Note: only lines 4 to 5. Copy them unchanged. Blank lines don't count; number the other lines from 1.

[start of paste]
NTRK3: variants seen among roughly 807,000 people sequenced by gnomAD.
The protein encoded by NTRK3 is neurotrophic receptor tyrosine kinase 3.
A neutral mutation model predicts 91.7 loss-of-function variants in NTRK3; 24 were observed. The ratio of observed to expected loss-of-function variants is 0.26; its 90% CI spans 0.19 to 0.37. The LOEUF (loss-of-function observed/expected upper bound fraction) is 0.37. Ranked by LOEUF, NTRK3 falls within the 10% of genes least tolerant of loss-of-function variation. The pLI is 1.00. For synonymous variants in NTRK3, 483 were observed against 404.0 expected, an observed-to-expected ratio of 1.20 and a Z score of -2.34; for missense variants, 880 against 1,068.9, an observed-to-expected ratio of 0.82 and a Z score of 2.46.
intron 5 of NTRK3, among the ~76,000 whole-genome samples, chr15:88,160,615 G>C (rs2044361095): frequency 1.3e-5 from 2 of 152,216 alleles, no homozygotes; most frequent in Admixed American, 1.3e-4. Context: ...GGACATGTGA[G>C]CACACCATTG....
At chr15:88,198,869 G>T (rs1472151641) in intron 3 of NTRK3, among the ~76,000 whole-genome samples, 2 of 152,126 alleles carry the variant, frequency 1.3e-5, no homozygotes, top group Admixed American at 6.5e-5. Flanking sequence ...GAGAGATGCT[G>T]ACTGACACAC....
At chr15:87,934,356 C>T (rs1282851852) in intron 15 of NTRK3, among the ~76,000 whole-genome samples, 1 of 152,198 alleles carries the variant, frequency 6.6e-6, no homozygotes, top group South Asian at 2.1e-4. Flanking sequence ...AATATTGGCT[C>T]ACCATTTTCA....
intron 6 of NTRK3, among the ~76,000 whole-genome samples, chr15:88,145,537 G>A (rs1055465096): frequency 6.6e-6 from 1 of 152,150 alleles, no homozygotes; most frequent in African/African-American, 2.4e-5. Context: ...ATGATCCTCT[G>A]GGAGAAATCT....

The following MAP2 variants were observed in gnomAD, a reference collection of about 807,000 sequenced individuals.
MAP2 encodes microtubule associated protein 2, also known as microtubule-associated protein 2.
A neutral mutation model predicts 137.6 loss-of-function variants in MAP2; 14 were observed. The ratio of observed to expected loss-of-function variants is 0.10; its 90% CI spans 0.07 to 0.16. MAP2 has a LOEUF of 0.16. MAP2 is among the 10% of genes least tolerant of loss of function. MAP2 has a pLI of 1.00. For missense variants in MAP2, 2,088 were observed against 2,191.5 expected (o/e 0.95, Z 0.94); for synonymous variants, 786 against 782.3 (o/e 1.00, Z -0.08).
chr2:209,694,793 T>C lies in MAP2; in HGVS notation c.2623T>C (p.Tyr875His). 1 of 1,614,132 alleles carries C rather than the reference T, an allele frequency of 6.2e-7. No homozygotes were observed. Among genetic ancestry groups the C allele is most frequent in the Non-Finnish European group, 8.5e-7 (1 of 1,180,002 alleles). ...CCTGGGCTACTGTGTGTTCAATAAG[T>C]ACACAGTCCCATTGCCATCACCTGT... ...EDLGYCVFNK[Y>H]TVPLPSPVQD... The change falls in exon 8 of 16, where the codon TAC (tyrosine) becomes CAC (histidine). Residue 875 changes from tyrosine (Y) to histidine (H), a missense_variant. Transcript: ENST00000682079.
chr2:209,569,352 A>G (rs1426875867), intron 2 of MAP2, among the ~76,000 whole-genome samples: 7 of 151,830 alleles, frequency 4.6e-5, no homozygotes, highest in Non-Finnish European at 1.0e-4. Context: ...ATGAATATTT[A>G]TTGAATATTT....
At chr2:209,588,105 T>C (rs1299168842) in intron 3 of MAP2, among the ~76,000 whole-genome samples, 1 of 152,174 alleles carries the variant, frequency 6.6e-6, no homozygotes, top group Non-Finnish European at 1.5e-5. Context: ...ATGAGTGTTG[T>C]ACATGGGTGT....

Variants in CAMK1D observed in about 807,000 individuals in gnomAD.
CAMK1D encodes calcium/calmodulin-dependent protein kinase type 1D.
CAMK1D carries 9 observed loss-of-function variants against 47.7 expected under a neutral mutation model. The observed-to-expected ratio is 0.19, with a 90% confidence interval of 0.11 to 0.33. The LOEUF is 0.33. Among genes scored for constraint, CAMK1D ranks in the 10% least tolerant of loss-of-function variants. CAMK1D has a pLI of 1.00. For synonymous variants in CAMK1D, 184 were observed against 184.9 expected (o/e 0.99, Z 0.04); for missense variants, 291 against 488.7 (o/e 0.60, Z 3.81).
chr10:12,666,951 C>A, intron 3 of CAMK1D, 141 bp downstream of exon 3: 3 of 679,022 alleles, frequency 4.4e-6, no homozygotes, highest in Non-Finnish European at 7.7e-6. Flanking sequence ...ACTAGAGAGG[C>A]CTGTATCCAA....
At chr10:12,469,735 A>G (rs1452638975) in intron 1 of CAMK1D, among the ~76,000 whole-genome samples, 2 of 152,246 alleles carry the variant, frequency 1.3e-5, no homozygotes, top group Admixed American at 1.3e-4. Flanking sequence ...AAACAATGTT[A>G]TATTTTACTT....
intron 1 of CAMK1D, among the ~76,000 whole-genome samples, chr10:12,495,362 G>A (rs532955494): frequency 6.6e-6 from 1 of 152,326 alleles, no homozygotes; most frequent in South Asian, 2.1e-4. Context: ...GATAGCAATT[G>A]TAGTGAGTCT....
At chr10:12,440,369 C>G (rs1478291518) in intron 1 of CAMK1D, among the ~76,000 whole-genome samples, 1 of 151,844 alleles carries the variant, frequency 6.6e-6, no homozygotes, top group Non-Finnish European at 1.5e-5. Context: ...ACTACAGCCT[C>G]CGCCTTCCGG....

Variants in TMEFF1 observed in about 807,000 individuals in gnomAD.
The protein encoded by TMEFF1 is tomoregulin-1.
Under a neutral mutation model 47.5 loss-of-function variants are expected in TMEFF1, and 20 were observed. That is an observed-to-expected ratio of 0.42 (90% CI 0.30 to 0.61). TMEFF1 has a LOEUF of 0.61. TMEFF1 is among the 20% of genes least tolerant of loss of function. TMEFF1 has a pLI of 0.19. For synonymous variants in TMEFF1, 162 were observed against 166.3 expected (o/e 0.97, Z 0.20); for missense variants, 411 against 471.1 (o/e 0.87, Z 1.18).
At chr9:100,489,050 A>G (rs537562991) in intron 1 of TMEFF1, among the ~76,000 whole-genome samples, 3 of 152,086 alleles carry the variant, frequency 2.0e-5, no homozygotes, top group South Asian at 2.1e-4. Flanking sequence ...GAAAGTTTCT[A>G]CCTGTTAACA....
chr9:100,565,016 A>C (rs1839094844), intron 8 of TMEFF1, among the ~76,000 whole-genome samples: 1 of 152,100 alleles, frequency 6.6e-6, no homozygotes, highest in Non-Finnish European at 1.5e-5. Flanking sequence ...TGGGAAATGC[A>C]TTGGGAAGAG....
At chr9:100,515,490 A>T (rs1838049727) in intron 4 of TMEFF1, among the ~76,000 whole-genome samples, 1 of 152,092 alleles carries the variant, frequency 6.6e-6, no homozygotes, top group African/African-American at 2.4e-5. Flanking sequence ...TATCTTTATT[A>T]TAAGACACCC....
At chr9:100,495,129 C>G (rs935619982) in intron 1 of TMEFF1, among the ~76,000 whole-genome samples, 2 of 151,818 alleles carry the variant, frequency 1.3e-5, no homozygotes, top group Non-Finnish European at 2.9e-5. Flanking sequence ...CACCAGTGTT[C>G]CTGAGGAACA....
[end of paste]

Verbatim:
intron 5 of NTRK3, among the ~76,000 whole-genome samples, chr15:88,160,615 G>C (rs2044361095): frequency 1.3e-5 from 2 of 152,216 alleles, no homozygotes; most frequent in Admixed American, 1.3e-4. Context: ...GGACATGTGA[G>C]CACACCATTG....
At chr15:88,198,869 G>T (rs1472151641) in intron 3 of NTRK3, among the ~76,000 whole-genome samples, 2 of 152,126 alleles carry the variant, frequency 1.3e-5, no homozygotes, top group Admixed American at 6.5e-5. Flanking sequence ...GAGAGATGCT[G>T]ACTGACACAC....